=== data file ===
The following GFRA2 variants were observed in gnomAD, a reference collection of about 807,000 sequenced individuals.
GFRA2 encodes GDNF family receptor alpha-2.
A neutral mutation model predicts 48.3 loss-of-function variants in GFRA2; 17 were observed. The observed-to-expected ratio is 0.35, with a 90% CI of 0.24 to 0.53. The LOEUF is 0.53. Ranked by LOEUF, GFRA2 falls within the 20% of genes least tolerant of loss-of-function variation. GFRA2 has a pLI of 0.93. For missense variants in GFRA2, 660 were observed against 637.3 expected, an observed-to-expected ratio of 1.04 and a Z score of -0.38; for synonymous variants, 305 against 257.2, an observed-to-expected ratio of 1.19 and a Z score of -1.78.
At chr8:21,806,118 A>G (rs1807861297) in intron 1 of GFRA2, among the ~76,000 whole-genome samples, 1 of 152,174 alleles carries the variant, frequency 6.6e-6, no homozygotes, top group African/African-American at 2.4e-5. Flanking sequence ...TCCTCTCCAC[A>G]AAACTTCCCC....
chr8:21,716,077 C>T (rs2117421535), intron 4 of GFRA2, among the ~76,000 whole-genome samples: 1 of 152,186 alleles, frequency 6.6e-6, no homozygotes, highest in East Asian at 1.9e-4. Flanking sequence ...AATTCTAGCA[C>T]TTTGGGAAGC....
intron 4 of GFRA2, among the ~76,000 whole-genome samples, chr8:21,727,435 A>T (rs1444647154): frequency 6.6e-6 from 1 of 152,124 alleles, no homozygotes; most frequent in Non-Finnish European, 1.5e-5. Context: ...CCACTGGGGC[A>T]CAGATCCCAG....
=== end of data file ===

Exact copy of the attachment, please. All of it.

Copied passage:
The following GFRA2 variants were observed in gnomAD, a reference collection of about 807,000 sequenced individuals.
GFRA2 encodes GDNF family receptor alpha-2.
A neutral mutation model predicts 48.3 loss-of-function variants in GFRA2; 17 were observed. The observed-to-expected ratio is 0.35, with a 90% CI of 0.24 to 0.53. The LOEUF is 0.53. Ranked by LOEUF, GFRA2 falls within the 20% of genes least tolerant of loss-of-function variation. GFRA2 has a pLI of 0.93. For missense variants in GFRA2, 660 were observed against 637.3 expected, an observed-to-expected ratio of 1.04 and a Z score of -0.38; for synonymous variants, 305 against 257.2, an observed-to-expected ratio of 1.19 and a Z score of -1.78.
At chr8:21,806,118 A>G (rs1807861297) in intron 1 of GFRA2, among the ~76,000 whole-genome samples, 1 of 152,174 alleles carries the variant, frequency 6.6e-6, no homozygotes, top group African/African-American at 2.4e-5. Flanking sequence ...TCCTCTCCAC[A>G]AAACTTCCCC....
chr8:21,716,077 C>T (rs2117421535), intron 4 of GFRA2, among the ~76,000 whole-genome samples: 1 of 152,186 alleles, frequency 6.6e-6, no homozygotes, highest in East Asian at 1.9e-4. Flanking sequence ...AATTCTAGCA[C>T]TTTGGGAAGC....
intron 4 of GFRA2, among the ~76,000 whole-genome samples, chr8:21,727,435 A>T (rs1444647154): frequency 6.6e-6 from 1 of 152,124 alleles, no homozygotes; most frequent in Non-Finnish European, 1.5e-5. Context: ...CCACTGGGGC[A>T]CAGATCCCAG....